19. 19. Lessons Learned
  20. 20. Lessons Learned #1 • Instructors gave feedback without any feed-forward (coaching) • Remind people/build it into process • Teach them how to use the tool to do the coaching part! • Pull the coaching part out of the tool
  21. 21. Lessons Learned #2 • Needed opportunities to implement feedback…Needs to be formative (although it can be used as a tool for summative assessment, too). • Timely feedback so students can act on it • Allow for resubmission so they can improve • Allow new opportunities to use skills being learned
  22. 22. Lessons Learned #3 • Quality of some peer feedback of varying quality! (overly critical contradictory, generally unhelpful, anonymity allowed some student to be hurtful). Also could stand to improve self-assessment • Teach learners how to evaluate • Provide rubric or other clear criteria • Demonstrate • Practice in low-stakes situations • Common judgment sessions
  23. 23. Lessons Learned #4 • Created some pressure for students to be recorded... • Give learners opportunities to practice in low-stakes contexts (this can be within a course or across a program) • Or allow do-overs
  24. 24. Lessons Learned #5 • With live critiquing, audience can be distracted (in fact trying to rate and comment is too much for most to do at the same time, too) as can the presenter (performer). • Assign roles - critic, rater, participant, etc.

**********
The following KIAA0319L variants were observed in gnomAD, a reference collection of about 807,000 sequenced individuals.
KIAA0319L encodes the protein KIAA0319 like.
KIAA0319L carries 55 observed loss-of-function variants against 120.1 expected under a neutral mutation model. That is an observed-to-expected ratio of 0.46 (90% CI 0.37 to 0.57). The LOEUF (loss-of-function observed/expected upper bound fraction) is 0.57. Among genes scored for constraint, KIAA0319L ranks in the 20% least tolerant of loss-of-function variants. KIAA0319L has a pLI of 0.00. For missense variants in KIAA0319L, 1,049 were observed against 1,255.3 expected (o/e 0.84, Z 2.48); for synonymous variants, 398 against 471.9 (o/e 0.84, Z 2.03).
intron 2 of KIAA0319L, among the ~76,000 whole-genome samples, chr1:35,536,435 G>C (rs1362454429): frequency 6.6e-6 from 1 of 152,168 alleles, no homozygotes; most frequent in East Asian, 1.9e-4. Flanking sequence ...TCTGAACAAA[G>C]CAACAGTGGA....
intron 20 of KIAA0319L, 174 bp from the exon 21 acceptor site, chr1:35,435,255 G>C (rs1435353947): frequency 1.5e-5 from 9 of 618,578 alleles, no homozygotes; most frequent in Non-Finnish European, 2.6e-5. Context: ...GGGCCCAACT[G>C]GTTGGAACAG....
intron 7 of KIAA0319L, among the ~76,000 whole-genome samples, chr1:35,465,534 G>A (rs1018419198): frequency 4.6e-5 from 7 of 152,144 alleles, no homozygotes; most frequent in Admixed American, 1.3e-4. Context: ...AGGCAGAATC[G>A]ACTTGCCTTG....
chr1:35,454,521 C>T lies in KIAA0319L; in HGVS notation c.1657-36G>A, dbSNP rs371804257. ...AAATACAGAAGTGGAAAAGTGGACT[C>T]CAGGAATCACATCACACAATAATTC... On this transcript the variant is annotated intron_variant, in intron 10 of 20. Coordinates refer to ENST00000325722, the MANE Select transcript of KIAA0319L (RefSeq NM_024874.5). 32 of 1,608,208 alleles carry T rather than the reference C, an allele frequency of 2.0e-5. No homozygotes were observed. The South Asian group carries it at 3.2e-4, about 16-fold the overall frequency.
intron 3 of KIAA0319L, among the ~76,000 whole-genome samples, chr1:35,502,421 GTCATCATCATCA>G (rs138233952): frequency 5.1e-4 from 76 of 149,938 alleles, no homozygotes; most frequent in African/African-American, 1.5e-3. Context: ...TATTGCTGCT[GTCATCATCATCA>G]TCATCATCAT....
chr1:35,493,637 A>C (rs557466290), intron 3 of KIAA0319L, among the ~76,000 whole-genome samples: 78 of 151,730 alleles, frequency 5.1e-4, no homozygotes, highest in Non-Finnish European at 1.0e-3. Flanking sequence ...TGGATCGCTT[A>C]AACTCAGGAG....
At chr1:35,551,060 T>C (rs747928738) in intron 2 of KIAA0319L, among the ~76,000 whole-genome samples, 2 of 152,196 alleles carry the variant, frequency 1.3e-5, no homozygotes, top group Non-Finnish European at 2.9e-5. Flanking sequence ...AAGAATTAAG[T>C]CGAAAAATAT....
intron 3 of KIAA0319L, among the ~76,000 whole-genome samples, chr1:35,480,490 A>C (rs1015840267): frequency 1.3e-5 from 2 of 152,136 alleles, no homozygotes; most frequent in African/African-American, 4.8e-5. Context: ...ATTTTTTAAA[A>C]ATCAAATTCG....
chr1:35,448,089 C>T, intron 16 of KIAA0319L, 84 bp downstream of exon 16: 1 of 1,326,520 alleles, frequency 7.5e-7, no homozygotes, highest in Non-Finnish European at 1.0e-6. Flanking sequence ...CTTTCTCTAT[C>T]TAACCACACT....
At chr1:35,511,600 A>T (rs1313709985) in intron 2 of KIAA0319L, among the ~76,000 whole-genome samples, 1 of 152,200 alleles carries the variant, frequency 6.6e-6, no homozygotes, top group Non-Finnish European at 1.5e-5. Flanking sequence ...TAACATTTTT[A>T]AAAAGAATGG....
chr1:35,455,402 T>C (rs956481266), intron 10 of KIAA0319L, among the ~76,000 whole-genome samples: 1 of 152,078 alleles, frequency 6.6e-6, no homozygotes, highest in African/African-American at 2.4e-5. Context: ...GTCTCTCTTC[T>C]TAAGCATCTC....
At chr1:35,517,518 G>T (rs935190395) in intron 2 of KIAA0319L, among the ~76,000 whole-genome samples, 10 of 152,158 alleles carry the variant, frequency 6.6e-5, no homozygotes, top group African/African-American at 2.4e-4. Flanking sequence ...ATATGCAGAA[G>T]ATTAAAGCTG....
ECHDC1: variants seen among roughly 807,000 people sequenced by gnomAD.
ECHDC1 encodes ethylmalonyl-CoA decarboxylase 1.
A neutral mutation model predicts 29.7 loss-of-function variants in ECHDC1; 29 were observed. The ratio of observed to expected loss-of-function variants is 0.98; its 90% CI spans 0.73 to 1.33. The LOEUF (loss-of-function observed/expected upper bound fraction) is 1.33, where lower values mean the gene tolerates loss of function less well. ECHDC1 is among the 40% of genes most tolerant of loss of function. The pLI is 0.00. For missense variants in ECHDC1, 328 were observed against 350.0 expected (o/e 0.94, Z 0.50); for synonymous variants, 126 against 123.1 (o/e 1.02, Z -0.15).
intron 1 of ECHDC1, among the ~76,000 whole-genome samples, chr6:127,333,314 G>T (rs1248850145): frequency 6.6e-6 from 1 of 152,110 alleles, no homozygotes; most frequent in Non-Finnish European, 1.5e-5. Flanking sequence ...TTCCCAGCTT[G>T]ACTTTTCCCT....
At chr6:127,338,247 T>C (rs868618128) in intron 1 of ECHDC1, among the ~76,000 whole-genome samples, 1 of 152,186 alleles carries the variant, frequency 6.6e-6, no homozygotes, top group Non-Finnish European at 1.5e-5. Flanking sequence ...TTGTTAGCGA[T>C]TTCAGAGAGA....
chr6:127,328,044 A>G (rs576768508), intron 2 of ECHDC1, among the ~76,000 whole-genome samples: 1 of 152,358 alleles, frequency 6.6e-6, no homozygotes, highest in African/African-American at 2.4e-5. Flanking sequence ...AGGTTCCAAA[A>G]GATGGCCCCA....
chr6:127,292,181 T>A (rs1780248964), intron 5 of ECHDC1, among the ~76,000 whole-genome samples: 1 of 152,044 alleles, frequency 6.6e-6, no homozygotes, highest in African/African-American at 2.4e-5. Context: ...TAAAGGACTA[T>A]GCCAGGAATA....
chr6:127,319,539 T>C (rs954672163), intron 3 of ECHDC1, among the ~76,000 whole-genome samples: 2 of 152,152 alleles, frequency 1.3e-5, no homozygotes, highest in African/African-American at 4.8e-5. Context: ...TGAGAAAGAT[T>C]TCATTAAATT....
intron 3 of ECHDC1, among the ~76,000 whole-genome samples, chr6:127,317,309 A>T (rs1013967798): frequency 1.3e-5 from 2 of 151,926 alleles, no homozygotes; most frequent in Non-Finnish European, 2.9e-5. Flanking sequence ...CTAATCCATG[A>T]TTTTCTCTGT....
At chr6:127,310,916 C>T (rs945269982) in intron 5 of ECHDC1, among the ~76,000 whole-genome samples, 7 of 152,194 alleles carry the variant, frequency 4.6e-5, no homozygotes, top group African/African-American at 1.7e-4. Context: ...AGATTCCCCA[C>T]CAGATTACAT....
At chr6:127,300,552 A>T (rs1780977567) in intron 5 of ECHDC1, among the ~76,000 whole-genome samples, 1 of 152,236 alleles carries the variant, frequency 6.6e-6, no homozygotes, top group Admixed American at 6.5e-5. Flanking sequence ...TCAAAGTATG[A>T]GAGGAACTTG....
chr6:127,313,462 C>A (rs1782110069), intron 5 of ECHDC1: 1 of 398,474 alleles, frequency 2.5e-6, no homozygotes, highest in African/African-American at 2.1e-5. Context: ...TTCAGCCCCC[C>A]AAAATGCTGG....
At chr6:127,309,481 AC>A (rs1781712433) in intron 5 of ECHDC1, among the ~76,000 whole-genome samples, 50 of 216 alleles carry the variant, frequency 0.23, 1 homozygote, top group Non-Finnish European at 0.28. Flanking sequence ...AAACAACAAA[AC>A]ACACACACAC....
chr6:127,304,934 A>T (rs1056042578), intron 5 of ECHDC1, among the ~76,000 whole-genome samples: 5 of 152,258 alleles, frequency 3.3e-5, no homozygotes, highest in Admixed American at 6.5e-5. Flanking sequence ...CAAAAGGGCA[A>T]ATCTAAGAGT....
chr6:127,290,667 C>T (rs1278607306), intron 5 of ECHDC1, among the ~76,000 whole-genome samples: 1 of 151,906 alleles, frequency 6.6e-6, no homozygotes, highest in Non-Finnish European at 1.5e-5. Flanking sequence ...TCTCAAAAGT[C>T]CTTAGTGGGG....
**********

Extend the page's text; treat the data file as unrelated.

25. 25. Lessons Learned #6 • Workflow can be difficult (especially in asynchronous implementations). • If the tool doesn’t facilitate it, you’ve got to plan for it!
  26. 26. Lessons Learned #7 • Technology can get in the way… • Plan • Train • Provide resources (e.g., provided check out of iPads)
  27. 27. Lessons Learned #8 • Technological infrastructure also an issue • Investigate • Test! Test! Test!
  28. 28. Questions?
  29. 29. References Micari, M, Light, G., Calkin, S., and Streitwieser, B. (2007). Assessment beyond evaluation: Phenomenography in educational evaluation. American Journal of Evaluation, 28(4), 458-476. Middleton, J., Gorard, S., Taylor, C., and Bannan-Ritland, B. (2008). The “Compleat" Design Experiment. In A.E.Kelly, R.A. Lesh, & J.Y. Baek (Eds.), Handbook of Design Research Methods in Education (pp. 21-46). New York: Routledge. van Manen, M. (1990). Researching lived experience: A human science for action sensitive pedagogy. Albany, NY: State University of New York Press. van Manen, M. (2002). Phenomenology online. Retrieved December 23, 2006, from http://www.phenomenologyonline.com/